Maclaren Triumph Stroller

Maclaren Triumph Stroller

Surprisingly, the weight limit is higher than that of the Chicco Together Double stroller; the Maclaren Twin Triumph Stroller can hold up to 110 pounds.

I had some concerns about fitting the side-by-side stroller through doors, but it’s designed to fit through a standard door frame. We even made it through an all-day zoo trip with no problems.

This stroller also fits well in the trunk of our Ford Taurus: it actually folds up smaller than our single stroller. I forgot to take it out of the trunk before my most recent solo grocery trip, and I was able to squeeze a week’s worth of groceries and diapers into the trunk with it.

Easy to Steer

My favorite thing about this stroller is how well it corners. It’s easy to get through tight spaces because it’s so compact. It’s really easy to steer; this was one of my main concerns about getting a double stroller, but this hasn’t been an issue.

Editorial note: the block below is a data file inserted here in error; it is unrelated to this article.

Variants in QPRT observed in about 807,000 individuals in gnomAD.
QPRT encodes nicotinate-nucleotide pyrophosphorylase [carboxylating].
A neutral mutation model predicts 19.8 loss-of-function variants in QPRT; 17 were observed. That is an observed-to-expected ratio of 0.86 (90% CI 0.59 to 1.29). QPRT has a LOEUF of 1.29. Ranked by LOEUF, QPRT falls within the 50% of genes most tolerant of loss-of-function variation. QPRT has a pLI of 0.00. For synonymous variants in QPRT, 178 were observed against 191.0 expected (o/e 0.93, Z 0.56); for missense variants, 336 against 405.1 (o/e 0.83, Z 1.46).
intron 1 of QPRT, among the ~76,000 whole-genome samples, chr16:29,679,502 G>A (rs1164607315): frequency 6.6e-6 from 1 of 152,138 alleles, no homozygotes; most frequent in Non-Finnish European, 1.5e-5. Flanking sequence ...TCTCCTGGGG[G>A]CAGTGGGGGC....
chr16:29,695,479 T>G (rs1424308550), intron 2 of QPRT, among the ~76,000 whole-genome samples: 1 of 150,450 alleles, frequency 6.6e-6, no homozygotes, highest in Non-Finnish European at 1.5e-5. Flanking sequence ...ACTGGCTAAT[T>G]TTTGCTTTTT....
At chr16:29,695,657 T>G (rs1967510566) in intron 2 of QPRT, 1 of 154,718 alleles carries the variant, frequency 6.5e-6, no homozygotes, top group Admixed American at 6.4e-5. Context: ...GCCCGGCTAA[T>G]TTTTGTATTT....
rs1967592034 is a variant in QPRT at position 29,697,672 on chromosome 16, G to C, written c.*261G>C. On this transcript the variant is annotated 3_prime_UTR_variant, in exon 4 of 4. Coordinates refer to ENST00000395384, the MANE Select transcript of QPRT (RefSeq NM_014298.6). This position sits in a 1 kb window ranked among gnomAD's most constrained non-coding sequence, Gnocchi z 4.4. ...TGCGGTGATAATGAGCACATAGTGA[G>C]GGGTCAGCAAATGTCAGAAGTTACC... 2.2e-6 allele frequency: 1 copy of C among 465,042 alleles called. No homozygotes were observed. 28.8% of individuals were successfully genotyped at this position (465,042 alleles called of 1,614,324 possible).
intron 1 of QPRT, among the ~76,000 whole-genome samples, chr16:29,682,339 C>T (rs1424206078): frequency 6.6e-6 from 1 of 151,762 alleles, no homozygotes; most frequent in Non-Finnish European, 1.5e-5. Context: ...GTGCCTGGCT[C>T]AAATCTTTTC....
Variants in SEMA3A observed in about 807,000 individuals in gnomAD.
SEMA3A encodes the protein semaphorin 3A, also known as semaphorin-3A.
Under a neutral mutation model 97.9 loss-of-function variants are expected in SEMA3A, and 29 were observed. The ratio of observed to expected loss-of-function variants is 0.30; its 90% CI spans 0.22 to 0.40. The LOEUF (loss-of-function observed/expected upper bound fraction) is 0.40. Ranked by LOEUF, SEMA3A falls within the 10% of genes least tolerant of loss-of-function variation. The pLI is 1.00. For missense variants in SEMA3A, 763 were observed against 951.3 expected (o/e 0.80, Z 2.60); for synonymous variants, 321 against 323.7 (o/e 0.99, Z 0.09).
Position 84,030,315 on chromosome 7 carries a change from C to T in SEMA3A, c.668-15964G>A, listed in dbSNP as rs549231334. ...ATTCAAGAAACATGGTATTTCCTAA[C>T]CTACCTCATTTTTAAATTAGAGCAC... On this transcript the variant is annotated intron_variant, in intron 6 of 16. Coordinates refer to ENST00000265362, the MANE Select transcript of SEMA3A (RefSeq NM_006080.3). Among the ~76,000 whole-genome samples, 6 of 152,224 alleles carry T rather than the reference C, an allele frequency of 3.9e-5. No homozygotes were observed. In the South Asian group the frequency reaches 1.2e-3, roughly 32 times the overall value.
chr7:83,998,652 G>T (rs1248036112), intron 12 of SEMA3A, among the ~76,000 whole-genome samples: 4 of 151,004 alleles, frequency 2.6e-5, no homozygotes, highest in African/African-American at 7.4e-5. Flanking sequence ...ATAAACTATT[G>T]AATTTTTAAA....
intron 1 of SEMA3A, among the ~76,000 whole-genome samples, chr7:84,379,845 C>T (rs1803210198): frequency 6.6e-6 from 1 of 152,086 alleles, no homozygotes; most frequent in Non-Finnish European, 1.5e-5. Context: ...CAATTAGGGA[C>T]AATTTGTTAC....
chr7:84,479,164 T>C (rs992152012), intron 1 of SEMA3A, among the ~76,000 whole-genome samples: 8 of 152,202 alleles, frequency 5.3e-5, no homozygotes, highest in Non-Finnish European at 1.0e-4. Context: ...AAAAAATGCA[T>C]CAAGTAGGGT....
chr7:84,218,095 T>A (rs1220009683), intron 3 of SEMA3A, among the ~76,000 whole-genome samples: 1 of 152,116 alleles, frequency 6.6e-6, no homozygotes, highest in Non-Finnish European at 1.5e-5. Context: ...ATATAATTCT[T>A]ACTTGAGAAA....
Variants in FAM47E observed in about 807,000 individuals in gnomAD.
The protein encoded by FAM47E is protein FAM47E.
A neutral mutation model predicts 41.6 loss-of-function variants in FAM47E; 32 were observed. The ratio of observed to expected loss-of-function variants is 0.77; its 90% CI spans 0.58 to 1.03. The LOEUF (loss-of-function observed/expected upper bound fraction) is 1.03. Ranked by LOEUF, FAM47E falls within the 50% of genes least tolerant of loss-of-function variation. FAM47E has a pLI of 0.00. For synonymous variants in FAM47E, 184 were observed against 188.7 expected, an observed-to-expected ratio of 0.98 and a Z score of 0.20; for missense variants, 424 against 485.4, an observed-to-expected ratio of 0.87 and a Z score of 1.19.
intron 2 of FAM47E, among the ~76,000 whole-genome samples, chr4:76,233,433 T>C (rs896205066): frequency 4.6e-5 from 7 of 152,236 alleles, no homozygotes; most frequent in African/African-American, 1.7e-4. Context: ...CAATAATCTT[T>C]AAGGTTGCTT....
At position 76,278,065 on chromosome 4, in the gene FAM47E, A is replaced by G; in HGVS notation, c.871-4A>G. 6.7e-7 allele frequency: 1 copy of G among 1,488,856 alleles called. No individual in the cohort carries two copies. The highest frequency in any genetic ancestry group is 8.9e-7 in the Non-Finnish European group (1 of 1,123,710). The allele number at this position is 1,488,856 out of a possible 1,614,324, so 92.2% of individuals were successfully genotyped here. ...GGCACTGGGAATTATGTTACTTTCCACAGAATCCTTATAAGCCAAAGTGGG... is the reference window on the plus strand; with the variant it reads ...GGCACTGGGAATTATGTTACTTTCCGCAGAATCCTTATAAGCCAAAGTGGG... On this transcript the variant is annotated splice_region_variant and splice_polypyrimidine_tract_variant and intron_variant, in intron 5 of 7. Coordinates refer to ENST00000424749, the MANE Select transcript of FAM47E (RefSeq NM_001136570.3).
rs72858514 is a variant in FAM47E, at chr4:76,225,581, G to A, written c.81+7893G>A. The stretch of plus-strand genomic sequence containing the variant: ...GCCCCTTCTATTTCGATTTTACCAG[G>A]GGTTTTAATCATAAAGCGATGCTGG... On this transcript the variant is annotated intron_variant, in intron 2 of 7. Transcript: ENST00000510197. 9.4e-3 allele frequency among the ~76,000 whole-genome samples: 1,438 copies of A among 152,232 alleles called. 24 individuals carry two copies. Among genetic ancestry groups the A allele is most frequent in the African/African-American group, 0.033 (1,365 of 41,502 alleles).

Tough to Open and Close

The only downside we’ve noticed so far is that the stroller is a bit hard to open and close. Opening the stroller involves unlocking hard-to-see clasps on either side of the stroller, then shaking and wiggling the stroller a bit. Closing it requires hitting several levers, which aren’t clearly labeled.

A Basic Model

The Maclaren Twin Triumph Stroller doesn’t have a lot of bells and whistles. The sun shade is pretty minimal, and there’s no cupholder like on my Chicco Cortina KeyFit 30 Travel System. But if you’re looking for a compact, easy-to-steer, easy-to-transport double stroller, this just might be the option for you.